Patent examination guidelines in the wake of Myriad

By Trevor Davies PhD
Healthcare Intellectual Property Patents & Trade Marks

In brief

Following public consultation on proposed examination guidelines issued on 16 October 2015, the Commissioner of Patents has established a revised examination practice taking into account the High Court's decision in D'Arcy v Myriad Genetics Inc. Dr Trevor Davies, Partner at Allens Patent & Trade Mark Attorneys, looks at what the new guidelines will mean for innovators.'

Date of new changes

This practice applies from 15 December 2015 to pending patent applications and changes to the Manual of Patent Practice and Procedure will be made on 11 January 2016. (See our earlier Focus on this issue.)

The revised guidelines require patent examiners to consider, on a case by case basis, whether a claimed invention in substance falls within established categories of eligible subject matter (to which the principles set down by the High Court in National Research Development Corporation v Commissioner of Patent (1959) 102 CLR 252; [1959] HCA 67 are relevant) and, if not, whether other considerations articulated by the High Court in D'Arcy v Myriad Genetics Inc [2015] HCA 35 apply.'

New examination process

In considering the manner of manufacture (patentable subject matter) examiners are now required to consider the following questions:

  • What is the substance of the claim (not merely its form)?
  • Has the substance of the claim been 'made' or changed by human intervention, or is 'artificial'?
  • Does the invention have economic utility?
  • Does the invention as claimed represent a new class of claim?

New class of claim

It would appear that the guidelines have been devised to assist examiners when considering new areas of technology where patent protection may not previously have been sought. If it becomes apparent that a claim in substance relates to a new class involving a significant new application or extension of the principles of patentability, the Commissioner must consider other factors as set out in Myriad at [28].

Where it is apparent that the substance of the invention lies outside an established category of patent-eligible subject matter, examiners should object. The matter may only be resolved by a hearing or on appeal to the Federal Court.

Patentable subject matter

Technical subject matter that has been previously considered by the courts to be patentable include:

  • Recombinant or isolated proteins.
  • Pharmaceuticals and other chemical substances.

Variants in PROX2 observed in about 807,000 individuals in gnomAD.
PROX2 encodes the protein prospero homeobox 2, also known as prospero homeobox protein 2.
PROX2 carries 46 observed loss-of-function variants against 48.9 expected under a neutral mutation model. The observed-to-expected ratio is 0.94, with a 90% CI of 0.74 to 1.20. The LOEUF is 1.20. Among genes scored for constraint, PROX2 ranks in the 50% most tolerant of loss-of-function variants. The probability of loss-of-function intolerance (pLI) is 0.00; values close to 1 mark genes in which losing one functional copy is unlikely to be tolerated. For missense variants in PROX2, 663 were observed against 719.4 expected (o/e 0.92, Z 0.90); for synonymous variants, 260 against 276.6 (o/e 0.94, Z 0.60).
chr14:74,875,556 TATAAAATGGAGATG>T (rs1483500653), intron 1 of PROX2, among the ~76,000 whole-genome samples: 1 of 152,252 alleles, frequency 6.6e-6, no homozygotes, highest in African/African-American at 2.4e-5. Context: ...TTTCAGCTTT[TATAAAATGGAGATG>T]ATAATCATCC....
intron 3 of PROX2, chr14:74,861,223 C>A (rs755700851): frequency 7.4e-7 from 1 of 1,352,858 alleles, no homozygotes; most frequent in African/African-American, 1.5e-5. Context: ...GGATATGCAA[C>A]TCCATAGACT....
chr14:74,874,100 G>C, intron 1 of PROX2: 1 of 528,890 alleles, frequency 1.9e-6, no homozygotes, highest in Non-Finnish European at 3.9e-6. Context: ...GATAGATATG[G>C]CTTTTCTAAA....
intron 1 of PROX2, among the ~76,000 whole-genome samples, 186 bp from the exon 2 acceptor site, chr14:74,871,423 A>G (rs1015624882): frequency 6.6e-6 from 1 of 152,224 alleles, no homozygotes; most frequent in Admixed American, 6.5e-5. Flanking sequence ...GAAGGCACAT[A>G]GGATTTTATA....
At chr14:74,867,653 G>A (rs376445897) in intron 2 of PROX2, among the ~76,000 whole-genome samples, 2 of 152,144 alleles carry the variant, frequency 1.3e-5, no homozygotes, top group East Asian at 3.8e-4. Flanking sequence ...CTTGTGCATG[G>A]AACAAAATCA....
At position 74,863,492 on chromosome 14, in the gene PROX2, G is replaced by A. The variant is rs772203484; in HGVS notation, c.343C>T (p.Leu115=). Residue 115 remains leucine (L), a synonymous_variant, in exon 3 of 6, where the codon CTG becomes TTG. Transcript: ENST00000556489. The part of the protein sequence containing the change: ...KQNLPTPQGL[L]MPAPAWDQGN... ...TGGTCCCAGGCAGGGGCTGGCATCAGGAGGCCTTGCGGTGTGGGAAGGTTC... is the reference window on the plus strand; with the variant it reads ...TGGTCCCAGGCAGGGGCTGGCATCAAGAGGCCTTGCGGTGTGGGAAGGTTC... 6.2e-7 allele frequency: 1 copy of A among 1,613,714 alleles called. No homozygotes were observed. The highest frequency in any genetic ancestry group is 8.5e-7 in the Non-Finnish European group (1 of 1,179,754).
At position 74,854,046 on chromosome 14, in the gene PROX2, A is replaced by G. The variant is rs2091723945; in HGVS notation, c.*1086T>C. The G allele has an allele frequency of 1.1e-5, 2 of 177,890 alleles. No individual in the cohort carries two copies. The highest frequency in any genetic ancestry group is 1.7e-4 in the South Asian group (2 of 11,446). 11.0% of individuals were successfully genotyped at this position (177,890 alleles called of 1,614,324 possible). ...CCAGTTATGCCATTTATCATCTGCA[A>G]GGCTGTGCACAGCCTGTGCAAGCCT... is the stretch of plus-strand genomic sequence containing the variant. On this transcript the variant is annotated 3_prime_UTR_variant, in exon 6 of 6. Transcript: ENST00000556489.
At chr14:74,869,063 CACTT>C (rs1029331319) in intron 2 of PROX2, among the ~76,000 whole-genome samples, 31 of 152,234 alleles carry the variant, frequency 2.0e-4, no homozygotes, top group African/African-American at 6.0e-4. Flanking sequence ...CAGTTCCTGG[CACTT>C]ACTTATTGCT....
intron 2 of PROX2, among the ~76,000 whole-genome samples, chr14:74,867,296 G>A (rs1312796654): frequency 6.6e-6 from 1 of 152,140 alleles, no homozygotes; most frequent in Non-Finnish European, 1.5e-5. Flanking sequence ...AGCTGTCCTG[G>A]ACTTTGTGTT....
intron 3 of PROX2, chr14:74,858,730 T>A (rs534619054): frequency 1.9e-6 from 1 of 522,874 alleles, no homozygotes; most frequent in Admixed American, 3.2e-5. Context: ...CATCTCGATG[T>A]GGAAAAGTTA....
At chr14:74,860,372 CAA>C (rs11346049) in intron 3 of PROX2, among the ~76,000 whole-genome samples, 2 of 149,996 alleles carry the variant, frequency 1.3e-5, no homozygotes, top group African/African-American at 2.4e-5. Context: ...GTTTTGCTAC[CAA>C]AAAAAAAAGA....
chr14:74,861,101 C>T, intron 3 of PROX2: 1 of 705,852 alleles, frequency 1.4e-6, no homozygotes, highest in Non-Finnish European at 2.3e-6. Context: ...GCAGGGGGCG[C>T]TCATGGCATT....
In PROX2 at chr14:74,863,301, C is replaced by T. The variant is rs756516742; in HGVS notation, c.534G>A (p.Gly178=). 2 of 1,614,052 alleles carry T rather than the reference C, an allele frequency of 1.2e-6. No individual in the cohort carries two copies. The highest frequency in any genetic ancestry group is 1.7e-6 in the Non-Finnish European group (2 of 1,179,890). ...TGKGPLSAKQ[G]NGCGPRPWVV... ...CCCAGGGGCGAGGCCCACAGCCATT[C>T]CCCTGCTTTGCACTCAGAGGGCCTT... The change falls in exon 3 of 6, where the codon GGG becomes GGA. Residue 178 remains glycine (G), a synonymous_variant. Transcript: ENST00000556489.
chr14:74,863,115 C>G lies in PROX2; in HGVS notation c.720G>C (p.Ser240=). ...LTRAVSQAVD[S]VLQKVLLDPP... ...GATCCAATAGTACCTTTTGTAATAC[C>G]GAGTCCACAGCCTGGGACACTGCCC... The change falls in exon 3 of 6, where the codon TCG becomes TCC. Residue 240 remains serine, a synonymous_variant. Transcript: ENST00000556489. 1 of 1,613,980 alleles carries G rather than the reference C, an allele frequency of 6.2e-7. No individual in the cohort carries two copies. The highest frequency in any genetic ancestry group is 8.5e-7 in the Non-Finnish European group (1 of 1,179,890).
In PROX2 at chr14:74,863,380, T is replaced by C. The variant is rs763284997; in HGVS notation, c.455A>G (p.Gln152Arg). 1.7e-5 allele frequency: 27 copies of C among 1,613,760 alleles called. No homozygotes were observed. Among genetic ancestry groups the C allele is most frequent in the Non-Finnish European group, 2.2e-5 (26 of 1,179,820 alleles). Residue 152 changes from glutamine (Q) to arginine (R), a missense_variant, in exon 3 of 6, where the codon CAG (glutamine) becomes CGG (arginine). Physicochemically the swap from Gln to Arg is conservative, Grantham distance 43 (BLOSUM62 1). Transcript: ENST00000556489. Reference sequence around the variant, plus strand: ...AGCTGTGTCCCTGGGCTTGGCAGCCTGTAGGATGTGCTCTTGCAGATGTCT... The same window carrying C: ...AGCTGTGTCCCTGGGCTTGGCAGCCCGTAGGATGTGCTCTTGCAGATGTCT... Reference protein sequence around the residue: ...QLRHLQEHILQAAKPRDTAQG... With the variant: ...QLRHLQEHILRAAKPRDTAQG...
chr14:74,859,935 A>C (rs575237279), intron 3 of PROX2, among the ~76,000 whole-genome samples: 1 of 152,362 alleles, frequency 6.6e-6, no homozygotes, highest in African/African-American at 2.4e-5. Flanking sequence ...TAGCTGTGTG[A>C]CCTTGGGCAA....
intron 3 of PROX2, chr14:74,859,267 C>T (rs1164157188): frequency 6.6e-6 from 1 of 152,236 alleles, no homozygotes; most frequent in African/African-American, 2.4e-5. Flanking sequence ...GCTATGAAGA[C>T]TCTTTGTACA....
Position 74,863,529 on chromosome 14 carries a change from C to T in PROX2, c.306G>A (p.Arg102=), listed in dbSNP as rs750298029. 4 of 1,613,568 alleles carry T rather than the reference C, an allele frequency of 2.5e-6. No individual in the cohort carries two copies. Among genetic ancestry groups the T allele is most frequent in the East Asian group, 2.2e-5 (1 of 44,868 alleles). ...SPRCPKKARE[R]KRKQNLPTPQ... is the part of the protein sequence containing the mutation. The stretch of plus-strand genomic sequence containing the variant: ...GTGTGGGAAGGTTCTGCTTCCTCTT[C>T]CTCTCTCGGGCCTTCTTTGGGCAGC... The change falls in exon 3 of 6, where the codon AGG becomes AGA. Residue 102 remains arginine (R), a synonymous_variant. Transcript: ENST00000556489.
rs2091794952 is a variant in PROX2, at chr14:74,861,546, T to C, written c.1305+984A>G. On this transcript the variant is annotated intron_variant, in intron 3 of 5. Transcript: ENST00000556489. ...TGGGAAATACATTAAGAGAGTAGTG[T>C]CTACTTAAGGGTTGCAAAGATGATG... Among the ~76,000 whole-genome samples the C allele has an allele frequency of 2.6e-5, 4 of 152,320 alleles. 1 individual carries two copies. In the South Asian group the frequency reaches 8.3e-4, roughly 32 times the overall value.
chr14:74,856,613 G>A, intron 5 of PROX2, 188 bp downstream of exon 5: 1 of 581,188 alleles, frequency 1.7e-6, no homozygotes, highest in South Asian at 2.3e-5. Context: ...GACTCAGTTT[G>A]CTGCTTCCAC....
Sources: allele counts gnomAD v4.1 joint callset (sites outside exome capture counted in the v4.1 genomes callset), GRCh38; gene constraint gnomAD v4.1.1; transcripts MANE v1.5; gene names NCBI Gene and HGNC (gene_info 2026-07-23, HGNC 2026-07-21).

• Methods of treatment.
  • Methods of applying herbicides.
  • Applications of computer technology.

Patentability exclusions

The courts have excluded a range of subject matter including the fine arts, mere schemes, abstract ideas and mere intellectual information.

Following the High Court's decision in Myriad, claims to the following subject matter are excluded because in substance they can only be considered as a claim to genetic information that is not made:

  • Isolated naturally occurring nucleic acid molecules whether:
    • DNA or RNA;
    • Human or non-human; or
    • Coding or non-coding.

Claims to the following are excluded where they merely replicate the genetic information of a naturally occurring organism:

  • cDNA and synthetic nucleic acids;
  • Probes and primers; or
  • Isolated interfering/inhibitory nucleic acids.

Subject matter of this type may be patentable where the utility of the invention lies in genetic information that has been 'made' (eg non-naturally occurring chimeric nucleic acids). Other biological inventions should be considered according to the same general principles set out above. If what is claimed properly falls within the requirements for existing categories of products and processes (eg is not for or merely replicates the genetic information of a naturally occurring organism) it will be patent eligible.

Implications to innovators

Although isolated naturally occurring nucleic acid molecules are no longer patentable in Australia, other useful biological materials such as non-naturally occurring nucleic acid molecules, recombinant or isolated proteins, antibodies, antigens, chimeric molecules, modified cells and microorganisms, vaccines, and the like will remain patentable subject matter.

Importantly methods of diagnosis or treatment using nucleic acid material, including nucleic acid material that merely replicates the genetic information of a naturally occurring organism, will remain patent eligible in Australia.'